Carbuncle

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Overview

A boil (furuncle) is a pus-filled bump in the skin that is caused by a bacterial infection. It’s a bit like a very big yellow pimple, but it’s deeper in the skin and hurts a lot more.


Boils develop when a hair follicle and the surrounding tissue become infected. Hair follicles consist of one hair, the root of the hair, a sebaceous gland and a small muscle that can pull the hair up, making it stand on end. Hair follicle inflammations are sometimes also referred to as “deep folliculitis” or “perifolliculitis.”


The infection causes the skin tissue inside the boil to die, creating a pus-filled hollow space (an abscess). Skin abscesses can develop from boils, but also from other things like infected insect bites or injections with dirty needles. If several boils merge into a larger bump, it’s called a carbuncle.


Sometimes boils go away again on their own, without causing any problems. But it’s often a good idea to get medical treatment. This can help make boils go away quicker, relieve the pain and prevent complications.

Symptoms

The boils that collect to form carbuncles usually start as red, painful bumps. The carbuncle fills with pus and develops white or yellow tips that weep, ooze, or crust. Over a period of several days, many untreated carbuncles rupture, discharging a creamy white or pink fluid.Boils are painful swollen bumps, ranging from roughly the size of a cherry stone to that of a walnut. They feel warm and look red, and yellowish pus may show through the skin. If a cluster of boils (a carbuncle) develops, the infection might cause a fever too, making you feel weak and tired.


Boils mainly occur on the face and neck, including the back of the neck. But they sometimes also develop in the armpits, groin, genital area, on the back, bottom or thighs.

Causes

Most carbuncles are caused by the bacteria Staphylococcus aureus (S aureus). A carbuncle is a cluster of several skin boils (furuncles). The infected mass is filled with fluid, pus, and dead tissue. Fluid may drain out of the carbuncle, but sometimes the mass is so deep that it cannot drain on its own.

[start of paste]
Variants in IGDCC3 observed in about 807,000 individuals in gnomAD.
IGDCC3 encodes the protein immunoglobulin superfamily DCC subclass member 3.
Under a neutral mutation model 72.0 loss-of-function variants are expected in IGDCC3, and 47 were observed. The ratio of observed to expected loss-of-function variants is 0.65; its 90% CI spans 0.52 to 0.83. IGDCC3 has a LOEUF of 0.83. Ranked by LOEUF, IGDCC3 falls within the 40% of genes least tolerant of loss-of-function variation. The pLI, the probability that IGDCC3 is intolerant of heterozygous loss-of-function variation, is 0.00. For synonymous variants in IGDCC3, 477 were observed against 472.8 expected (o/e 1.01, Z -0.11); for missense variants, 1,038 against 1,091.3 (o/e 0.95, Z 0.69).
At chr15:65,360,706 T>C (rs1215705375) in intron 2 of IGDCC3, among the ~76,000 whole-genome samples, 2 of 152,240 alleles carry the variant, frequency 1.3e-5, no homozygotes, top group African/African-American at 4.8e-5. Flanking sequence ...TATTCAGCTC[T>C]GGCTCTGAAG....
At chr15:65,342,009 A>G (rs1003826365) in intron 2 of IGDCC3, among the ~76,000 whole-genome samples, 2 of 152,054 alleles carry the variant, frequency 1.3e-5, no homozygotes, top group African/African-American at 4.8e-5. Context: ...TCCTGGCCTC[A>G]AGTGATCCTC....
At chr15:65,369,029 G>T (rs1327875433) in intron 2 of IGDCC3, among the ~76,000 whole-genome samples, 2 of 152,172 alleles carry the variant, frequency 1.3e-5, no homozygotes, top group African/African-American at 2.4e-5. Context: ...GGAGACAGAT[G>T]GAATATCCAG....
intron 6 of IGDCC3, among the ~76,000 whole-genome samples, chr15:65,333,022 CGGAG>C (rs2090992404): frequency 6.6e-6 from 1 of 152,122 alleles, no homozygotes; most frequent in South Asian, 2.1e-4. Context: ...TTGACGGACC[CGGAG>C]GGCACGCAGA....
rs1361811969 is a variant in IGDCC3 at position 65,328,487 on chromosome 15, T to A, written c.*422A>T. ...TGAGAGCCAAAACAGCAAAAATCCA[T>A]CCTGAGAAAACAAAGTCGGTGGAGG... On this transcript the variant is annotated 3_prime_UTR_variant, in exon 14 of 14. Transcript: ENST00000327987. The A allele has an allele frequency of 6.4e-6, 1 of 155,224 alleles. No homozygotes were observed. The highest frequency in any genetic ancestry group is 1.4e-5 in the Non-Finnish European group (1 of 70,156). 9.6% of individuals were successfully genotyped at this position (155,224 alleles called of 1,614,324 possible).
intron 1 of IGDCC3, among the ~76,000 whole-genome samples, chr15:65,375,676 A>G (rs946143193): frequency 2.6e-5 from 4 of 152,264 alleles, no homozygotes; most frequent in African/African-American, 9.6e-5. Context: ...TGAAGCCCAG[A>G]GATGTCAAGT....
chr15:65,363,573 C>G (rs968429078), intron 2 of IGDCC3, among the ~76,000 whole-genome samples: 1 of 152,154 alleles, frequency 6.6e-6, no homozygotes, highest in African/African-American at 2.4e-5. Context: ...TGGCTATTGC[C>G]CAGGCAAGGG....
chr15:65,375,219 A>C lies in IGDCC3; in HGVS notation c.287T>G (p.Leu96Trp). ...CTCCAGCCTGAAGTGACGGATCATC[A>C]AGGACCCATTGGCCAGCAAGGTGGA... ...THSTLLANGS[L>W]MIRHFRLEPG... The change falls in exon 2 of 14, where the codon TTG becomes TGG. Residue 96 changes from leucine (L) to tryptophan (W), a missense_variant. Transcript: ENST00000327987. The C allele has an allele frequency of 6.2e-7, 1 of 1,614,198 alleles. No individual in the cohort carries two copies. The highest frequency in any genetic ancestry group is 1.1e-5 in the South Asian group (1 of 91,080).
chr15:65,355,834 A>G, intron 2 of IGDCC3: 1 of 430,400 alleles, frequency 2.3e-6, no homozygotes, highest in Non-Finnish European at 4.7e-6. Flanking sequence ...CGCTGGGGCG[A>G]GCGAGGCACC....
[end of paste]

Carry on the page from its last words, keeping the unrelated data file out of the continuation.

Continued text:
Risk factors

Although anyone — including otherwise healthy people — can develop boils or carbuncles, the following factors can increase your risk:


Close contact with a person who has a staph infection. You're more likely to develop an infection if you live with someone who has a boil or carbuncle.

Diabetes. This disease can make it more difficult for your body to fight infection, including bacterial infections of your skin.

Other skin conditions. Because they damage your skin's protective barrier, skin problems, such as acne and eczema, make you more susceptible to boils and carbuncles.

Compromised immunity. If your immune system is weakened for any reason, you're more susceptible to boils and carbuncles.


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Complications

Sometimes, carbuncles are caused by methicillin-resistant Staphylococcus aureus (MRSA) bacteria, and require treatment with potent prescription antibiotics if the lesions are not drained properly.

In rare cases, bacteria from a carbuncle can escape into the bloodstream and cause serious complications, including sepsis and infections in other parts of the body such as the lung, bones, joints, heart, blood, and central nervous system.

Sepsis is an overwhelming infection of the body that is a medical emergency and can be fatal if left untreated. Symptoms include chills, a spiking fever, rapid heart rate, and a feeling of being extremely ill.

Prevention

A boil or carbuncle can happen despite the best hygiene. However, you can prevent boils if you:


Avoid close contact with someone who has a staph infection, boil or carbuncle.

Wash your hands frequently with antibacterial soaps and gels, which can help prevent the spread of bacteria.

Bathe regularly with soap.

Don’t share or reuse washcloths, towels and sheets.